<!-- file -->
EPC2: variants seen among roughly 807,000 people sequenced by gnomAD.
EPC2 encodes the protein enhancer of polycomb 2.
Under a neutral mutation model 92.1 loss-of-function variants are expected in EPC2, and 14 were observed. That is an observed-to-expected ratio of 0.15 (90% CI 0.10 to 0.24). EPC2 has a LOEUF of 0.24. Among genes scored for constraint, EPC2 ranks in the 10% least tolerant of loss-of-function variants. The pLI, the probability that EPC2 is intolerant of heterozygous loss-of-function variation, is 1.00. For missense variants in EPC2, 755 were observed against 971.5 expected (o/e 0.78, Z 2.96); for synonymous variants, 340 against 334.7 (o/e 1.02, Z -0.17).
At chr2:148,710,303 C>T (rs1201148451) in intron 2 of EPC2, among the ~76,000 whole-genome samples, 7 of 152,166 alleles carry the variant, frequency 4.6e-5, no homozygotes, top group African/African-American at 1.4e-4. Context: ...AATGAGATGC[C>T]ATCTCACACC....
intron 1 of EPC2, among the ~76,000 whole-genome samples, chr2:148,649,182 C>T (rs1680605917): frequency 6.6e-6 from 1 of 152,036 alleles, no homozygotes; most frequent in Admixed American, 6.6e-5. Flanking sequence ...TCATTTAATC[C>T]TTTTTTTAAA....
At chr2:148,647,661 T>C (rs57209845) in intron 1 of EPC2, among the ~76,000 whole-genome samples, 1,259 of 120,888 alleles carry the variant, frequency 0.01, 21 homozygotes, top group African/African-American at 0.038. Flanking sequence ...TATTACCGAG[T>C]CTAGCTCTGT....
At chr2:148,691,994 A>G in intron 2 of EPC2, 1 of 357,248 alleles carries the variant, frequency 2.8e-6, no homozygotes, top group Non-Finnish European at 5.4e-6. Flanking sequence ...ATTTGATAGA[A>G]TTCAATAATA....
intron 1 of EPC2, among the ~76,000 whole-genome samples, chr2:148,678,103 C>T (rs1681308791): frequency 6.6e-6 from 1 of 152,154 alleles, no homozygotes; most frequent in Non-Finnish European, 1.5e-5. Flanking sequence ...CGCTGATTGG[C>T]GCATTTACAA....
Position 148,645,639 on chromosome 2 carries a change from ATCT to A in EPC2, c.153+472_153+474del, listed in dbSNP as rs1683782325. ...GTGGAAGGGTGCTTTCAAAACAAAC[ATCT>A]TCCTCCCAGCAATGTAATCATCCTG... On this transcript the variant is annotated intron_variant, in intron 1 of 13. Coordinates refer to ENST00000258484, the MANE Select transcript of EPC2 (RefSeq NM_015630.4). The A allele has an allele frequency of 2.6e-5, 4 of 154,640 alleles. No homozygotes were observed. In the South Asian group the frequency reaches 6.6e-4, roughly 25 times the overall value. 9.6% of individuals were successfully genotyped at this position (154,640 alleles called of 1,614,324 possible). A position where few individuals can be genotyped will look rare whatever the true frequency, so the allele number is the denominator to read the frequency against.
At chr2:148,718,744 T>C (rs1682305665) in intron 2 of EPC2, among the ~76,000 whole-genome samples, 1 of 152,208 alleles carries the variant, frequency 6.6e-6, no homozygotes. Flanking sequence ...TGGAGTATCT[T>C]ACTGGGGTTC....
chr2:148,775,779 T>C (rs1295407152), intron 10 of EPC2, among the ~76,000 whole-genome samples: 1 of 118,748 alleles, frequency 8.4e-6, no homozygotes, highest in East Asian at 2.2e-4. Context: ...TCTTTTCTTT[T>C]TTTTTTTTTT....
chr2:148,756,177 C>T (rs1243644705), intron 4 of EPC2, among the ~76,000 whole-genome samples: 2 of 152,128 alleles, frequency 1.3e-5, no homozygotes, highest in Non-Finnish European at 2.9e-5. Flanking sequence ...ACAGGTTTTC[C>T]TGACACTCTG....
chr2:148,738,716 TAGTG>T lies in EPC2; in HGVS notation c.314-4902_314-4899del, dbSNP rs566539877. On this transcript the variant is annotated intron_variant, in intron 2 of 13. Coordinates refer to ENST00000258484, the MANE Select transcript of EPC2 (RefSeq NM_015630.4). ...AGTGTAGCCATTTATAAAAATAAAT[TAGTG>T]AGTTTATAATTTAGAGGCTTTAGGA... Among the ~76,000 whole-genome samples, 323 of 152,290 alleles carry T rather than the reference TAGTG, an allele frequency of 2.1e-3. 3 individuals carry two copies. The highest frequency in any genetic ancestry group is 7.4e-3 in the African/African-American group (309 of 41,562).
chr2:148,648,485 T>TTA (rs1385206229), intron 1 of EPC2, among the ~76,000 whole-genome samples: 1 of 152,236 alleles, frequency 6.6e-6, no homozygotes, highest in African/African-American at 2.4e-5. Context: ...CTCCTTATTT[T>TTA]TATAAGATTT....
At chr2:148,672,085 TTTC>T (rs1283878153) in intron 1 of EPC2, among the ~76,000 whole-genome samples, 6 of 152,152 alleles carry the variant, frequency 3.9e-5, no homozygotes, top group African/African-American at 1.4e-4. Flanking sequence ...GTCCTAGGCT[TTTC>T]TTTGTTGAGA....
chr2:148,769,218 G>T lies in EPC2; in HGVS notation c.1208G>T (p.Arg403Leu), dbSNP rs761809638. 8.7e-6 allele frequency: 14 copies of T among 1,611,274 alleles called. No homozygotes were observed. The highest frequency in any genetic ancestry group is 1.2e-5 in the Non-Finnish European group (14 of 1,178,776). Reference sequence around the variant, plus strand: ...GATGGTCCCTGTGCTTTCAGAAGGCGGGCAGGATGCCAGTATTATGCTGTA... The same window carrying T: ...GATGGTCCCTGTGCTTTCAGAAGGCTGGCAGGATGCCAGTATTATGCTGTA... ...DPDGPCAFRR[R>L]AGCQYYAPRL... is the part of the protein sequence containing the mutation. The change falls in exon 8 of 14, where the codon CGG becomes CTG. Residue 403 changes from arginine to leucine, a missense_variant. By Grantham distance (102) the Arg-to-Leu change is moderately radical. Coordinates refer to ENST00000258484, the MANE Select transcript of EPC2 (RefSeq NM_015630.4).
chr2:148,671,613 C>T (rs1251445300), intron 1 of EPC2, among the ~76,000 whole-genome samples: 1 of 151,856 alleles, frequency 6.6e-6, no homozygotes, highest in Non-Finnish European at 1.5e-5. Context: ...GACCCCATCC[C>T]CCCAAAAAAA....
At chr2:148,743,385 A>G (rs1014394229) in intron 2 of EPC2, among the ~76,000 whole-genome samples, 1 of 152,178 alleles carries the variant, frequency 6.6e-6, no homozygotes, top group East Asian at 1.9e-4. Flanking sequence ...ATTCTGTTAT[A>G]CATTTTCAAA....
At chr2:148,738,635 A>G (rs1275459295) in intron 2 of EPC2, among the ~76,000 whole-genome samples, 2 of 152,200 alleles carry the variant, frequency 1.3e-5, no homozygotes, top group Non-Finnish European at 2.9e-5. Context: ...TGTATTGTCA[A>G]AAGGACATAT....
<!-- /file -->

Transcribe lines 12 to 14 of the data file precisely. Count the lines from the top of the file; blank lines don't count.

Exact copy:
chr2:148,756,177 C>T (rs1243644705), intron 4 of EPC2, among the ~76,000 whole-genome samples: 2 of 152,128 alleles, frequency 1.3e-5, no homozygotes, highest in Non-Finnish European at 2.9e-5. Flanking sequence ...ACAGGTTTTC[C>T]TGACACTCTG....
chr2:148,738,716 TAGTG>T lies in EPC2; in HGVS notation c.314-4902_314-4899del, dbSNP rs566539877. On this transcript the variant is annotated intron_variant, in intron 2 of 13. Coordinates refer to ENST00000258484, the MANE Select transcript of EPC2 (RefSeq NM_015630.4). ...AGTGTAGCCATTTATAAAAATAAAT[TAGTG>T]AGTTTATAATTTAGAGGCTTTAGGA... Among the ~76,000 whole-genome samples, 323 of 152,290 alleles carry T rather than the reference TAGTG, an allele frequency of 2.1e-3. 3 individuals carry two copies. The highest frequency in any genetic ancestry group is 7.4e-3 in the African/African-American group (309 of 41,562).
chr2:148,648,485 T>TTA (rs1385206229), intron 1 of EPC2, among the ~76,000 whole-genome samples: 1 of 152,236 alleles, frequency 6.6e-6, no homozygotes, highest in African/African-American at 2.4e-5. Context: ...CTCCTTATTT[T>TTA]TATAAGATTT....